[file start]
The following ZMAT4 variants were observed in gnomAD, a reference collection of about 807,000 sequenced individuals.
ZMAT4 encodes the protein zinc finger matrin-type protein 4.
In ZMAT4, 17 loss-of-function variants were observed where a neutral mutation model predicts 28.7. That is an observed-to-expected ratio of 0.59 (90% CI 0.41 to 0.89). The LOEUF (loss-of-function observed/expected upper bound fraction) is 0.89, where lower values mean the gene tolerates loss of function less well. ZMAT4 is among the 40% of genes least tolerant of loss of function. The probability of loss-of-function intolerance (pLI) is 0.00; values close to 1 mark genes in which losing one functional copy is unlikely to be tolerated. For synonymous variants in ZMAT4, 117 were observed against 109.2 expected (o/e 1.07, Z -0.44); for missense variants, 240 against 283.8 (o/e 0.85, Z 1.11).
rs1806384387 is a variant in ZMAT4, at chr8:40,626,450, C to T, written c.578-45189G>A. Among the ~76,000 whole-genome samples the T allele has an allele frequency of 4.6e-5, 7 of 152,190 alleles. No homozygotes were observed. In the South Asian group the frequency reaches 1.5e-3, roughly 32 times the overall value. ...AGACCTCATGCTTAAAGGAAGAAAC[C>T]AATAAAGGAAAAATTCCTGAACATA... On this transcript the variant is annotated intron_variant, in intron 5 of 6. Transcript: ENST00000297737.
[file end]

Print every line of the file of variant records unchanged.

The following ZMAT4 variants were observed in gnomAD, a reference collection of about 807,000 sequenced individuals.
ZMAT4 encodes the protein zinc finger matrin-type protein 4.
In ZMAT4, 17 loss-of-function variants were observed where a neutral mutation model predicts 28.7. That is an observed-to-expected ratio of 0.59 (90% CI 0.41 to 0.89). The LOEUF (loss-of-function observed/expected upper bound fraction) is 0.89, where lower values mean the gene tolerates loss of function less well. ZMAT4 is among the 40% of genes least tolerant of loss of function. The probability of loss-of-function intolerance (pLI) is 0.00; values close to 1 mark genes in which losing one functional copy is unlikely to be tolerated. For synonymous variants in ZMAT4, 117 were observed against 109.2 expected (o/e 1.07, Z -0.44); for missense variants, 240 against 283.8 (o/e 0.85, Z 1.11).
rs1806384387 is a variant in ZMAT4, at chr8:40,626,450, C to T, written c.578-45189G>A. Among the ~76,000 whole-genome samples the T allele has an allele frequency of 4.6e-5, 7 of 152,190 alleles. No homozygotes were observed. In the South Asian group the frequency reaches 1.5e-3, roughly 32 times the overall value. ...AGACCTCATGCTTAAAGGAAGAAAC[C>T]AATAAAGGAAAAATTCCTGAACATA... On this transcript the variant is annotated intron_variant, in intron 5 of 6. Transcript: ENST00000297737.